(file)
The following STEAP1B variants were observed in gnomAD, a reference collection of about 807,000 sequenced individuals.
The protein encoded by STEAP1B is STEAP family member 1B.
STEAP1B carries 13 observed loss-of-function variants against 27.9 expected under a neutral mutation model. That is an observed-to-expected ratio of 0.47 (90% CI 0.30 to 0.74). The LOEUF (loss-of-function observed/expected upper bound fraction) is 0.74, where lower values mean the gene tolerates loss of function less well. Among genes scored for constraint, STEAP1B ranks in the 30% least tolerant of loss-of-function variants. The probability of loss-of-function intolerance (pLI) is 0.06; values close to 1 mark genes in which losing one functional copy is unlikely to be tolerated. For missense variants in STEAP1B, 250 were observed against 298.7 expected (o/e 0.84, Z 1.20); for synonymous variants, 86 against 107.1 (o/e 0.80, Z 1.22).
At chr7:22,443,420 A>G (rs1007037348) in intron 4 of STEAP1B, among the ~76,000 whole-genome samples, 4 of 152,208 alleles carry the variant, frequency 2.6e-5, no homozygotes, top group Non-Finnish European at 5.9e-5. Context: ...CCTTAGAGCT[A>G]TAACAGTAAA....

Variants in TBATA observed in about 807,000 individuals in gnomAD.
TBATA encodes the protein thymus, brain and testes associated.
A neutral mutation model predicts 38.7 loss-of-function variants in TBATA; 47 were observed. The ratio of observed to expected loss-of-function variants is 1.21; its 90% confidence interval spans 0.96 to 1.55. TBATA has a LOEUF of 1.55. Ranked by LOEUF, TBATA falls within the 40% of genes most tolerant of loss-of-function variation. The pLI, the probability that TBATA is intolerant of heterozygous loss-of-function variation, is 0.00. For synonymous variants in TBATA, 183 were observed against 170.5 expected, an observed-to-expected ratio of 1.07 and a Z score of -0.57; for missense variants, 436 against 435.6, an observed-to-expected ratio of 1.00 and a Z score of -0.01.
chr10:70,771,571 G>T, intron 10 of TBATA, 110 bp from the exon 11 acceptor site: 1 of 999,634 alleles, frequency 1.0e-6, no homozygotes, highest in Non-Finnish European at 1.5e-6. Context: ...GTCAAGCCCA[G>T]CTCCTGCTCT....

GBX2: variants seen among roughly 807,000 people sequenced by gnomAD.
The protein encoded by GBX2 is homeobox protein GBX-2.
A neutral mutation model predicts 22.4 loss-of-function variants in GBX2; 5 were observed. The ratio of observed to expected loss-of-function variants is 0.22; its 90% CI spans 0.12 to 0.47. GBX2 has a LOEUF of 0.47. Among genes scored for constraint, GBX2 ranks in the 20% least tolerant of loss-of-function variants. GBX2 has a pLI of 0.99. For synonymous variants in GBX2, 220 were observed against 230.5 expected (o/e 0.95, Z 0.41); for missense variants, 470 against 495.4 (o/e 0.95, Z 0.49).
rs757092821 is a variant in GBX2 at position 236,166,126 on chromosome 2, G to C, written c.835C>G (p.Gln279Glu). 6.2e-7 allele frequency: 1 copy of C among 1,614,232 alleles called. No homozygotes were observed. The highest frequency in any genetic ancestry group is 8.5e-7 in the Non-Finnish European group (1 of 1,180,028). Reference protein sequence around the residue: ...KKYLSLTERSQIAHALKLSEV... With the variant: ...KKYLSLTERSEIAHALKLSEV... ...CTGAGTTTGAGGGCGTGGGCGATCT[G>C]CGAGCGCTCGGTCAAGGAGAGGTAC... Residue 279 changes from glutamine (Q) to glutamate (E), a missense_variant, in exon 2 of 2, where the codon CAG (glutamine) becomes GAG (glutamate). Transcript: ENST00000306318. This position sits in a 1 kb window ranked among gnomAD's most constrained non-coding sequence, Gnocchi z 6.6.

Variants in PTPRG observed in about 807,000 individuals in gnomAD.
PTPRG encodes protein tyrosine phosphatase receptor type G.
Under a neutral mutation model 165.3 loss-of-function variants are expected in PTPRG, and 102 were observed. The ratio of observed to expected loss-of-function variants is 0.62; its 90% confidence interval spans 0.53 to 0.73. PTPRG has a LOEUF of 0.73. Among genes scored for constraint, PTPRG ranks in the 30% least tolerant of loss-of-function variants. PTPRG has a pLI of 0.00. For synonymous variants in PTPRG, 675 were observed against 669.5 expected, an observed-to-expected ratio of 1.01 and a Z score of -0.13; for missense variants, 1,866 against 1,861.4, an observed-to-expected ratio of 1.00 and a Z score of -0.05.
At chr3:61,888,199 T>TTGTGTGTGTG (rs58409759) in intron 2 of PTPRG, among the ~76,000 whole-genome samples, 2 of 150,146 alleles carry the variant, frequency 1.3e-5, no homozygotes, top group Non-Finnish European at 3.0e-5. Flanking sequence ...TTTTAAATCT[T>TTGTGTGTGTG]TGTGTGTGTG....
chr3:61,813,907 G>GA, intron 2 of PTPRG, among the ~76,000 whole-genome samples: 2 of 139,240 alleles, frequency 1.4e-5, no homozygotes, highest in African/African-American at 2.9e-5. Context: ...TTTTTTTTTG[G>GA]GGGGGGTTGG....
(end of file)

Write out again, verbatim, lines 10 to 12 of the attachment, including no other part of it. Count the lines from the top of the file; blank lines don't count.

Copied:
The protein encoded by GBX2 is homeobox protein GBX-2.
A neutral mutation model predicts 22.4 loss-of-function variants in GBX2; 5 were observed. The ratio of observed to expected loss-of-function variants is 0.22; its 90% CI spans 0.12 to 0.47. GBX2 has a LOEUF of 0.47. Among genes scored for constraint, GBX2 ranks in the 20% least tolerant of loss-of-function variants. GBX2 has a pLI of 0.99. For synonymous variants in GBX2, 220 were observed against 230.5 expected (o/e 0.95, Z 0.41); for missense variants, 470 against 495.4 (o/e 0.95, Z 0.49).
rs757092821 is a variant in GBX2 at position 236,166,126 on chromosome 2, G to C, written c.835C>G (p.Gln279Glu). 6.2e-7 allele frequency: 1 copy of C among 1,614,232 alleles called. No homozygotes were observed. The highest frequency in any genetic ancestry group is 8.5e-7 in the Non-Finnish European group (1 of 1,180,028). Reference protein sequence around the residue: ...KKYLSLTERSQIAHALKLSEV... With the variant: ...KKYLSLTERSEIAHALKLSEV... ...CTGAGTTTGAGGGCGTGGGCGATCT[G>C]CGAGCGCTCGGTCAAGGAGAGGTAC... Residue 279 changes from glutamine (Q) to glutamate (E), a missense_variant, in exon 2 of 2, where the codon CAG (glutamine) becomes GAG (glutamate). Transcript: ENST00000306318. This position sits in a 1 kb window ranked among gnomAD's most constrained non-coding sequence, Gnocchi z 6.6.